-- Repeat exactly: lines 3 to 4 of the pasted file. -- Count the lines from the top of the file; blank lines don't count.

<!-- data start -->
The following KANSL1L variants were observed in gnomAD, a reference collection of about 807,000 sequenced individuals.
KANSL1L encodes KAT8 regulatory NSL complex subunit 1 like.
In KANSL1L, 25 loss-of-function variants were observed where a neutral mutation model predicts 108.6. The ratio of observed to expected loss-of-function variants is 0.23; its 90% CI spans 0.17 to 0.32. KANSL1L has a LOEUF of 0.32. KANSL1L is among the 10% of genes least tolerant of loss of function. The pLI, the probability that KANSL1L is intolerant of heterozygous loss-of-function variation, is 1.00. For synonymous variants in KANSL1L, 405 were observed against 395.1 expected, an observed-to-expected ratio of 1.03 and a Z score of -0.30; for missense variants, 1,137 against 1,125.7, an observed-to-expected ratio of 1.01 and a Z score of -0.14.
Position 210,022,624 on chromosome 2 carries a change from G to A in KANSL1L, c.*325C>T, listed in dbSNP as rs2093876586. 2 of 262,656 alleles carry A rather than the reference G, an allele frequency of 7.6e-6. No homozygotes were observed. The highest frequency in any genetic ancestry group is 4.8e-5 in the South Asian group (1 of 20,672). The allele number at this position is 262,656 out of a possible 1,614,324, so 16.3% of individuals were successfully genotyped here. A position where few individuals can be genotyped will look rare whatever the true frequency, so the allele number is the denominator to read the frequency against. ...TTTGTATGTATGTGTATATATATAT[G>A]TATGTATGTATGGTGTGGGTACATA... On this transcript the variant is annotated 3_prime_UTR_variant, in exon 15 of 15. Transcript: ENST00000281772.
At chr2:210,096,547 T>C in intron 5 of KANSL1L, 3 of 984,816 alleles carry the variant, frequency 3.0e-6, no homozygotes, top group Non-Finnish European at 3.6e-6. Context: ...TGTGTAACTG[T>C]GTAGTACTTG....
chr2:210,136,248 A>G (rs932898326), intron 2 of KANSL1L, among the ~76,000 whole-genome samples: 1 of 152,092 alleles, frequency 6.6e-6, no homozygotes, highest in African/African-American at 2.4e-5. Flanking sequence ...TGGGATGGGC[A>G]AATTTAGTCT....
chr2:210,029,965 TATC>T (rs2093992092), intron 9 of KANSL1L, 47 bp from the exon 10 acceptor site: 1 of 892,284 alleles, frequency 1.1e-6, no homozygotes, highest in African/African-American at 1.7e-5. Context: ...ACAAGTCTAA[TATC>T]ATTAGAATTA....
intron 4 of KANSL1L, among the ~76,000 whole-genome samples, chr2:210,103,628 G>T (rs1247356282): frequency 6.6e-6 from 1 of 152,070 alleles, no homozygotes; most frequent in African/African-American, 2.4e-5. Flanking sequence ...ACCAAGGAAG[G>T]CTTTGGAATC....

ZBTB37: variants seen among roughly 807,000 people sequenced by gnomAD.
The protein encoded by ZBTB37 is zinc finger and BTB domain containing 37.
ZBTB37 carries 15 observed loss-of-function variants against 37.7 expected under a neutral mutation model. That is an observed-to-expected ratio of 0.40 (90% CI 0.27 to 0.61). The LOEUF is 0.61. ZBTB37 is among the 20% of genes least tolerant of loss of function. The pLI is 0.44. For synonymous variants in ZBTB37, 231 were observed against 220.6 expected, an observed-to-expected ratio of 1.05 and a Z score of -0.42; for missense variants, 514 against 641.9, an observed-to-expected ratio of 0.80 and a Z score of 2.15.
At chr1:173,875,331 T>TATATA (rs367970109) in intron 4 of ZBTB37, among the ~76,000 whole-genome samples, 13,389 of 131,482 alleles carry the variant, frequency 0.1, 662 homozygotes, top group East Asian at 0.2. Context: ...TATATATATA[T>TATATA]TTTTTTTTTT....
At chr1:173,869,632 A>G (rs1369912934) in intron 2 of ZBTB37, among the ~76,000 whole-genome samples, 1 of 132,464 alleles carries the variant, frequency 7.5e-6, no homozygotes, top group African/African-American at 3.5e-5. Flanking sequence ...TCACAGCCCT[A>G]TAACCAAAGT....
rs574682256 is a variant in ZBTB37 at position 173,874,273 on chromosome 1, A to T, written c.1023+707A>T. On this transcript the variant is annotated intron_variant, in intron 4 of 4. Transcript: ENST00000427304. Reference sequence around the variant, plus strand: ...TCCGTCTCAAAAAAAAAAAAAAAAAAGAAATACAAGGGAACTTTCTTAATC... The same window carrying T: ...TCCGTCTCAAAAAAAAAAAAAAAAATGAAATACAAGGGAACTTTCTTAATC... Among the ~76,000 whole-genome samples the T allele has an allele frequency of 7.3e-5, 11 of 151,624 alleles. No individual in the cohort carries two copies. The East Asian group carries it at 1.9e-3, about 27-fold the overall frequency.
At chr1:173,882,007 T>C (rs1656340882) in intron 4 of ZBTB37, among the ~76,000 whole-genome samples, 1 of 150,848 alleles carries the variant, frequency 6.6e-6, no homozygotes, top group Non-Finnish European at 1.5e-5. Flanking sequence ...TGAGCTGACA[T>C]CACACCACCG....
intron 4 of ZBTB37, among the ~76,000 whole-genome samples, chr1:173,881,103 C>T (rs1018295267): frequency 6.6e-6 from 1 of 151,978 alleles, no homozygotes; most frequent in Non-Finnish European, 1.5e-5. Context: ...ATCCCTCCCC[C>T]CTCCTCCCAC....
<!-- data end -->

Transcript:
In KANSL1L, 25 loss-of-function variants were observed where a neutral mutation model predicts 108.6. The ratio of observed to expected loss-of-function variants is 0.23; its 90% CI spans 0.17 to 0.32. KANSL1L has a LOEUF of 0.32. KANSL1L is among the 10% of genes least tolerant of loss of function. The pLI, the probability that KANSL1L is intolerant of heterozygous loss-of-function variation, is 1.00. For synonymous variants in KANSL1L, 405 were observed against 395.1 expected, an observed-to-expected ratio of 1.03 and a Z score of -0.30; for missense variants, 1,137 against 1,125.7, an observed-to-expected ratio of 1.01 and a Z score of -0.14.
Position 210,022,624 on chromosome 2 carries a change from G to A in KANSL1L, c.*325C>T, listed in dbSNP as rs2093876586. 2 of 262,656 alleles carry A rather than the reference G, an allele frequency of 7.6e-6. No homozygotes were observed. The highest frequency in any genetic ancestry group is 4.8e-5 in the South Asian group (1 of 20,672). The allele number at this position is 262,656 out of a possible 1,614,324, so 16.3% of individuals were successfully genotyped here. A position where few individuals can be genotyped will look rare whatever the true frequency, so the allele number is the denominator to read the frequency against. ...TTTGTATGTATGTGTATATATATAT[G>A]TATGTATGTATGGTGTGGGTACATA... On this transcript the variant is annotated 3_prime_UTR_variant, in exon 15 of 15. Transcript: ENST00000281772.